Algeria approves constitutional reforms in referendum

Algeria referendum
The Hirak movement has been active in Algeria since early 2019, and calls for wide reforms. Source: Titouhwayne (via. Wikimedia Commons)
Algeria has approved a referendum proposing constitutional reforms, though the referendum's legitimacy was overshadowed by very low turnout.

By Tom Kingsbury | Political Editor

A referendum on constitutional reforms in Algeria has passed, after a November 1 vote. The referendum’s turnout was a record low though, at just 23.7%, and the referendum has received criticism for not going far enough to address the systemic reforms demanded by Algerian protesters in recent years.

The referendum put forward issues the Algerian government said would meet the demands of Hirak, a protest movement which was sparked in 2019 after ousted President Abdelaziz Bouteflika ran for a fifth consecutive term in office, after taking power in 1999.

It proposed the re-enactments of term limits – removed under Bouteflika – setting the maximum amount of terms a president can serve at two. It set the same limit on terms for Members of Parliament.

The referendum also proposed a new anti-corruption unit, and will oblige public institutions to ensure the freedom of Algeria’s active independent press.

Why was the referendum result controversial?

With changes enacted that furthered freedom of press and sought to tackle corruption, the referendum has been touted by the government as positive progress for Algeria.

But critics, including Hirak, say the referendum’s reforms simply did not go far enough. Protesters have been calling for systemic change for over a year now, and some argue the referendum is an attempt to quell further calls for change.

Hirak members were also not involved in the drafting of the amendments, and feel they have been not been fully recognised.

The president maintains significant veto powers over Algeria’s legislature, an ability some feel undermines the Algerian government’s balance of power. The president can demand a re-reading of a bill in parliament, which would need a two-thirds majority to overrule.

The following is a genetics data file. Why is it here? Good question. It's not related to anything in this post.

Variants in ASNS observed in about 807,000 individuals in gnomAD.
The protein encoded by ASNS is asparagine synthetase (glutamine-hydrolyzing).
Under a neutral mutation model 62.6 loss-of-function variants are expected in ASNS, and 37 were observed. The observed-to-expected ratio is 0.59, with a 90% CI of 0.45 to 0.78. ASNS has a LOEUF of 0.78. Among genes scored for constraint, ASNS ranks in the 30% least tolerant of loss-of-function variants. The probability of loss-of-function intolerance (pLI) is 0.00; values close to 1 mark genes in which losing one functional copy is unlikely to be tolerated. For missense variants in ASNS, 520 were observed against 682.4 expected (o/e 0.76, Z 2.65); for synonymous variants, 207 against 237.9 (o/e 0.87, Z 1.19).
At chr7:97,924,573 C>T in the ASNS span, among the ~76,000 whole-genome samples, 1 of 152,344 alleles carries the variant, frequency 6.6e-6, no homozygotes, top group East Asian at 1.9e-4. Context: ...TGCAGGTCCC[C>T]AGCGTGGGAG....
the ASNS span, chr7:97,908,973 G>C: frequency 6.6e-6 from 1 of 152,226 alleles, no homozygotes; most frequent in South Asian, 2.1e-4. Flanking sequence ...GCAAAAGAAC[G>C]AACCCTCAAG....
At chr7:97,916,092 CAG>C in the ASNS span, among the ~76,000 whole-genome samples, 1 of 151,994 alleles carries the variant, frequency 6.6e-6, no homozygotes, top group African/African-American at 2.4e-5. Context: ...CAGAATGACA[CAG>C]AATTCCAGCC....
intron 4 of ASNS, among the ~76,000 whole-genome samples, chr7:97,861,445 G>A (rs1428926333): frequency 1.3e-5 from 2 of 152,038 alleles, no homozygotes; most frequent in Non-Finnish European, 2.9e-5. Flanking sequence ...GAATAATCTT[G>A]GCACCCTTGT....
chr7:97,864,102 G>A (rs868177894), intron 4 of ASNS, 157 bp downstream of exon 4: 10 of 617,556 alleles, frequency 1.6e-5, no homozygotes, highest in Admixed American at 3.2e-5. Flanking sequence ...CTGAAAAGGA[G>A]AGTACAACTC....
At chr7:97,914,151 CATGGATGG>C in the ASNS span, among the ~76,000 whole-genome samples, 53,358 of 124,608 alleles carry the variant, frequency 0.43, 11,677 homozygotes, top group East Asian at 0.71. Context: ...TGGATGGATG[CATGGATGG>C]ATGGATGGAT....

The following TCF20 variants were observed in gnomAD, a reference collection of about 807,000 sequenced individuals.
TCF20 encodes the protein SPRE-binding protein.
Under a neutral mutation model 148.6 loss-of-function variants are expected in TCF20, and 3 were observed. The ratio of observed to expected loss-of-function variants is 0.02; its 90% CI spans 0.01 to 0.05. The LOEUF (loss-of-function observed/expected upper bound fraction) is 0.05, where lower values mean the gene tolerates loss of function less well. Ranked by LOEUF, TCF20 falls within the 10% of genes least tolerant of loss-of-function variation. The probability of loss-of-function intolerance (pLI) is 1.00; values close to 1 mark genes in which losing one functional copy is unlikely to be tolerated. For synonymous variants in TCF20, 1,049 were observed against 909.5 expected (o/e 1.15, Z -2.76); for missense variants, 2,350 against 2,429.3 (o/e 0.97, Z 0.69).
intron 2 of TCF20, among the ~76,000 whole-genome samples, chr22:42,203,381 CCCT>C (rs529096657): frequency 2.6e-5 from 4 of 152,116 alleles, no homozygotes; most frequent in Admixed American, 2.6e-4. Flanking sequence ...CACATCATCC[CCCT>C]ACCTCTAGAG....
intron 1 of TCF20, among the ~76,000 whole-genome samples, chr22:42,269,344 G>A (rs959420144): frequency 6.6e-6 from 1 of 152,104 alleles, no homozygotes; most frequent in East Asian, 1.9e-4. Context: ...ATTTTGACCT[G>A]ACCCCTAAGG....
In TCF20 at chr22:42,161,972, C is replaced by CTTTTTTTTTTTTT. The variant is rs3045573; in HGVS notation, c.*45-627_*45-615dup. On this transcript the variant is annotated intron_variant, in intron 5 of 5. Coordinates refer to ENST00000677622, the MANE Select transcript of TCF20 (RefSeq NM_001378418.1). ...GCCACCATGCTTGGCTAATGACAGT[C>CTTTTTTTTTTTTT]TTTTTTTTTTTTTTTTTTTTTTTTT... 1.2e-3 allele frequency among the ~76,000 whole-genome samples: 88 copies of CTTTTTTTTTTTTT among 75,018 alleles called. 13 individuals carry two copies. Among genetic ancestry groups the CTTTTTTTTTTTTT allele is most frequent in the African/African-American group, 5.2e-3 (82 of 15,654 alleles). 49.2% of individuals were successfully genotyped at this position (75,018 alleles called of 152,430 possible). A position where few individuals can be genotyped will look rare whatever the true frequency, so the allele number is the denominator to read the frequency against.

He also has what some refer to as an ‘indirect veto’ in the Algerian senate, which he appointed a third of, and a three-quarters majority is needed to pass a law.

The referendum also did nothing to counteract the president’s influence over the judiciary, which he is free to appoint without parliamentary approval.

“So the president is directly involved in the executive, legislative and judicial branches of government”, said former MP and prominent lawyer Mustapha Bouchachi. “What’s more, Tebboune would also be in charge of all regulatory bodies, including those responsible for auditing government expenditure.

“This constitution gives the president the powers of an emperor.”

Another factor that has cast a shadow over the referendum is the dismal turnout, which undermines the legitimacy of the result. Although 68.8% voted ‘yes’, given that less than a quarter of the electorate actually voted, the proportion that approved the result is just over 16%.

And out of the votes that were made, over 10% of them were invalid or blank.

The low turnout has been attributed by some to a second wave of coronavirus breaking out in Algeria, along with a lack of enthusiasm for the referendum.

Algeria’s president, who is currently receiving treatment for an undisclosed illness in Germany, was elected with the previous record low turnout in Algeria. Before becoming ill, he had isolated after a positive COVID-19 test from one of his colleagues.

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